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Mixed with the common crew, half-shared a boat,
Arid ne'er was happy saving when afloat.

A change came o'er his life since that dread hour
When harsh experience showed the tempest's power.
No more he sought his comrades on the shore,
Nor scorned the home that had been dull before.
When Jane walked up at evenings there was he,
Kind host, to hand her countless cups of tea,
To press the muffin while it yet was warm,
And all the rural dainties of the farm;
Nor this alone, but books he tried to read;
If dark the sense Jane helped him at his need.
A slate he bought, and toiled with many a fret,
Through sums, and weights, and measures dry and
The maid still aided when a puzzler came,
And joy at her assistance drowned the shame.
Once said his mother, "What a girl is Jane!
How good her heart! Alas, that she's so plain!"
John oped his eyes as if he scarcely heard
Or strove to attain the meaning of the word.
"Plain?" he exclaimed; "I know not what you
A smile like hers no mortal man has seen."
"Have you e'er told her so?" the mother said.
"What right have I, stained name and empty head,
To speak to such a scholar as Miss Jane?"
The son replied. "Indeed, I'm not so vain."

That night Jane sought the farm when school was
The mother archly smiled, and blushed the son.
When first they saw her at the Whitefield stile,
Said Widow Snow, "Just tell her of her smile."
But silent sat the youth the evening through,
And never hours before so swiftly flew.
When Jane rose up to take her homeward way,
"John," said the mother, "has a word to say;
He'll see you through the yard and past the stile,
He wants to tell you, Jane, about your smile."
No smile had Jane; so well her face she knew,
How many its defects, its charms how few,
She felt offence; her voice grew sharp and clear:
"I did not fancy John was so severe."
Quickly she went; abashed the young man stood,
And couldn't have o'erta'en her if he would.

A week passed on; John Snow was nowhere found,
They searched the village, tried each nook of ground.
A herd had seen him take the upland track,
With stick in hand and bundle on his back;
But none had heard him tell his journey's end,
Nor on what day his coming to attend.
Poor Widow Snow was all o'ercome with grief,
But Jane came up once more and brought relief;
Whispered her hopes that he would soon return:
"The post will bring a lettercease to mourn;
Perhaps our curate knowsI'll go inquire
Perhaps he told his plans to Doctor Dire.
I'll ask him, too; rest happy." So she went,
And left the widow wretched but content.

Our curate and the doctorgenerous twain
Walked up to aid the comfortings of Jane.
"An idle freak," our mild-eyed curate cried;
"He staid away three days last Whitsuntide."
"He's a changed man since then," said Widow
"And hates the Whitsun ales and all their show."
"I thinkHeaven bless him!" thus the leech began,
"He's caught at last some little spark of man.
No molly-coddle now with bulls and cows,
And such live lumber pressing down his bows,
But—"here his eyes were mentioned" he's now
An A. B. seaman in a ship of war;
Some fighting dragon like the Bossentore.
God save the Queen! if that would get him free"
He cracked his hand—"he 'd not get that from
Small comfort this; but, when some days went by,
A broken slate the widow chanced to spy,
And on the fragment this short line appears,
"Tell Jane she's not to marry for three years."
Harsh pangs on this through Jane a minute passed,
"The man!" she said, "he mocks me to the last!"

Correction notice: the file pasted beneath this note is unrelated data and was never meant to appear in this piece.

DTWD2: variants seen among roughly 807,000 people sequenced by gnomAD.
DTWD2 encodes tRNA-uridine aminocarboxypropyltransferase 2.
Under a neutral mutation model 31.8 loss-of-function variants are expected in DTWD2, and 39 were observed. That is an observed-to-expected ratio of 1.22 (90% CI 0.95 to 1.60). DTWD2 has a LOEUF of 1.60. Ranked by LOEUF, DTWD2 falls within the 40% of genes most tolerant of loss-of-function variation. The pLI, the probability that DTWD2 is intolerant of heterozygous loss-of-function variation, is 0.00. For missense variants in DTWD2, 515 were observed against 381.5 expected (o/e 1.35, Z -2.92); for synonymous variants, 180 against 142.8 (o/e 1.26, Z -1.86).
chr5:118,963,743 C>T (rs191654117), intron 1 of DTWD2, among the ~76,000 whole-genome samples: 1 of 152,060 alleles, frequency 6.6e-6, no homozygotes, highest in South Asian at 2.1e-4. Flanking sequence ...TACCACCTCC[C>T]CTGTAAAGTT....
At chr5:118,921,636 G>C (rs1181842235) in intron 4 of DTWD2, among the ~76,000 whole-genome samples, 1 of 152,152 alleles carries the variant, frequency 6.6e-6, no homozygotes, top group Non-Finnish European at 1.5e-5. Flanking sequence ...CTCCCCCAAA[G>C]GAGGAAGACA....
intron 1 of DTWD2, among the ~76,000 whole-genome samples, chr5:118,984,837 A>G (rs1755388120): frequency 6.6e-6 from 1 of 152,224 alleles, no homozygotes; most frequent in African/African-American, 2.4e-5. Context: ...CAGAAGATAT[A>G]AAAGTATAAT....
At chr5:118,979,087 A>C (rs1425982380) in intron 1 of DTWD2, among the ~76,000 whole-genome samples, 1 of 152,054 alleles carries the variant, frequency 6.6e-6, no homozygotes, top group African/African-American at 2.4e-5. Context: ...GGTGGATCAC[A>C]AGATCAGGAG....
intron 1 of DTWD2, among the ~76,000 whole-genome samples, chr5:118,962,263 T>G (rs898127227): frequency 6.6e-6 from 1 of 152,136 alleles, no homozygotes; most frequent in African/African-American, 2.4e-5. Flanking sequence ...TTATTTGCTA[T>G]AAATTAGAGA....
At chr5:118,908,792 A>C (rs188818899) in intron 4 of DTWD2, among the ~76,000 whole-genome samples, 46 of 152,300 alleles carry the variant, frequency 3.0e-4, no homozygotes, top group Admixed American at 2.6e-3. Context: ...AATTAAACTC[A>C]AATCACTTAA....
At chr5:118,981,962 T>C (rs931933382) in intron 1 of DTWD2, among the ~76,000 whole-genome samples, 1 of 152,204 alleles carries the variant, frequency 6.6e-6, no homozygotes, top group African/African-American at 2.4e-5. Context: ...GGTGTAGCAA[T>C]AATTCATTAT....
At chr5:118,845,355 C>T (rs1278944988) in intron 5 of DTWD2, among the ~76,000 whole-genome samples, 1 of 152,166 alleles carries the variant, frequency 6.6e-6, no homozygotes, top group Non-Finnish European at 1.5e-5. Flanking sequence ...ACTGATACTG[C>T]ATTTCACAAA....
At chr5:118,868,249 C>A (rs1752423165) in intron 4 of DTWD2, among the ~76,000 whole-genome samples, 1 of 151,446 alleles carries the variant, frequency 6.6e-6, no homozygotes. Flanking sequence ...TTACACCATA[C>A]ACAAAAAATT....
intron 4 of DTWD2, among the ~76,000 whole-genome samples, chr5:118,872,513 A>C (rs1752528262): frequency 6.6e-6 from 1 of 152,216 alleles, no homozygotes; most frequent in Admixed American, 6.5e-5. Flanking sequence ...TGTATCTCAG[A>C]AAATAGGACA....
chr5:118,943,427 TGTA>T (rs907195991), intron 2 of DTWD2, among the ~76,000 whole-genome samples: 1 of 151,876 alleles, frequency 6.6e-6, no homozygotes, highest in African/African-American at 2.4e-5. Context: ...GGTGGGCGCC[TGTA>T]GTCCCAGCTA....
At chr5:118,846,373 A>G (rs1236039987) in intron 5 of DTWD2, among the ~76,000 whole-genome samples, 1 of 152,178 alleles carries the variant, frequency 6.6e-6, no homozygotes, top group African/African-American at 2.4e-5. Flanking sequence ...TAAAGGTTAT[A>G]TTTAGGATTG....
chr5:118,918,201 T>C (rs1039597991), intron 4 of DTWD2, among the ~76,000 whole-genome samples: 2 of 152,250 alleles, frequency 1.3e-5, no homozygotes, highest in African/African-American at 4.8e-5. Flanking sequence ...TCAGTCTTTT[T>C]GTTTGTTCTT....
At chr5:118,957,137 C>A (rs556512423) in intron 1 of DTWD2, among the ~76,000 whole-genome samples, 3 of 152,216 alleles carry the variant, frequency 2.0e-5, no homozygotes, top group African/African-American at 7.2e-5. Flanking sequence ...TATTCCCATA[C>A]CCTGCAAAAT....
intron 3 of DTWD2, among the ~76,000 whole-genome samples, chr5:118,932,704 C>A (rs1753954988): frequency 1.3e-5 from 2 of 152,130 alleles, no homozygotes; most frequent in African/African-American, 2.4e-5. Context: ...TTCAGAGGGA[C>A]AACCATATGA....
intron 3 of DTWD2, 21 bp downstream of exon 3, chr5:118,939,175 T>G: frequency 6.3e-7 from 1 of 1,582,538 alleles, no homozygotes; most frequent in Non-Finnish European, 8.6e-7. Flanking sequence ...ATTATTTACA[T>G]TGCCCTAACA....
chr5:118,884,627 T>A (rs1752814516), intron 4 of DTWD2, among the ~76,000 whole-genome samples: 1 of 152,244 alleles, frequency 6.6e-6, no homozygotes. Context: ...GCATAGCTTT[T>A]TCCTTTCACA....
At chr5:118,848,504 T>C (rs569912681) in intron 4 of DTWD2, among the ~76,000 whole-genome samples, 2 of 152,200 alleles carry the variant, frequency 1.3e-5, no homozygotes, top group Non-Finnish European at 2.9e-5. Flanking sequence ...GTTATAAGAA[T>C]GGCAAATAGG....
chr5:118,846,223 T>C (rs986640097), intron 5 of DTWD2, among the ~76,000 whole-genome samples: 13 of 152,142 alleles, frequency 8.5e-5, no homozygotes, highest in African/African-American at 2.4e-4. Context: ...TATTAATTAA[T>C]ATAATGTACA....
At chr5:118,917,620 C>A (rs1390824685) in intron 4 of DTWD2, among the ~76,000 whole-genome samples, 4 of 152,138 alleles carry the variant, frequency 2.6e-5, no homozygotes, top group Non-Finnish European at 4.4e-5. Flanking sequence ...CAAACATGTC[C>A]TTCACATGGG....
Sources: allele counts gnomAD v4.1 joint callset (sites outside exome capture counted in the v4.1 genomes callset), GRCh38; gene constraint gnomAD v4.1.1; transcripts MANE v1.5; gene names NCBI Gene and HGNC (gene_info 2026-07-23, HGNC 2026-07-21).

But, in long nights of talk with Widow Snow,
And tears that did not fail at times to flow,
She learned what thoughts his bashfulness confin'd,
And strange, sweet fancies filled her wondering mind;
Content and pleasure gave each action grace,
And fixed their own calm beauty in her face.
So sunshine, when it warms neglected ground,
Calls flower-seeds forth and scatters perfume round.

One wintry night, when scarce two years were gone,
The two sad mourners sat and talked of John.
The glimmering fire sent forth a cheery light,
Andall without a causetheir hopes grew bright.
"I feel as if some happiness were near,"
The widow said, and wiped th' unconscious tear.
Jane smiled to hear.—But sudden, from the sea,
A gun was heard. "What can the signal be?"
They looked across the baybut nothing saw.
A flash again! far offand then, with awe,
They watched the coming sound, they heard its
And lights grew frequent on the startled shore.
A third report came booming o'er the tide:
"They want a boat," the saddened mother sighed;
"If John were here! " dear memories awoke,
One thought possessing both though neither spoke.

A heavy footstep sounded at the door,
The handle turned, and who stood on the floor?
Toil-worn he seemed, like common sailor drest,
Blue jacket, shining hat, and hairy vest;
Across his neck two wooden boxes hung,
These at his feet with heavy sound he flung.
"You do not know me, mother?—"Yes, the tone
Of the loved voice revealed him all her own;
And in his arms she lay!—but still his eye
Was fixed on Jane who sat in silence by.
She helped the widow on a chair to place,
And both sat gazing in the stranger's face.
He went to Jane, he took her willing hand,
"For you," he said, "my life's great change I
Crossed the wide seasa man before the mast
And, armed and eager, to the gold world past.
There week by week I added to my store,
Heaped grains on grains till I required no more,
And here I'm landed on my native shore."
Then with a kick he showed the boxes' weight
"Five hundred ounces is my golden freight,
Enough," he cried, "to crown my best design,
Oh, Jane! oh, mother! what a bliss is mine!"

What wonders quickly on the farm we see:
Three hundred pounds turned leasehold into fee
Some wise repairs made every fence complete;
The cottage walls grew clean, the chambers neat.
And when our doctor gave the bride away
Rough were his words that hailed the wedding-day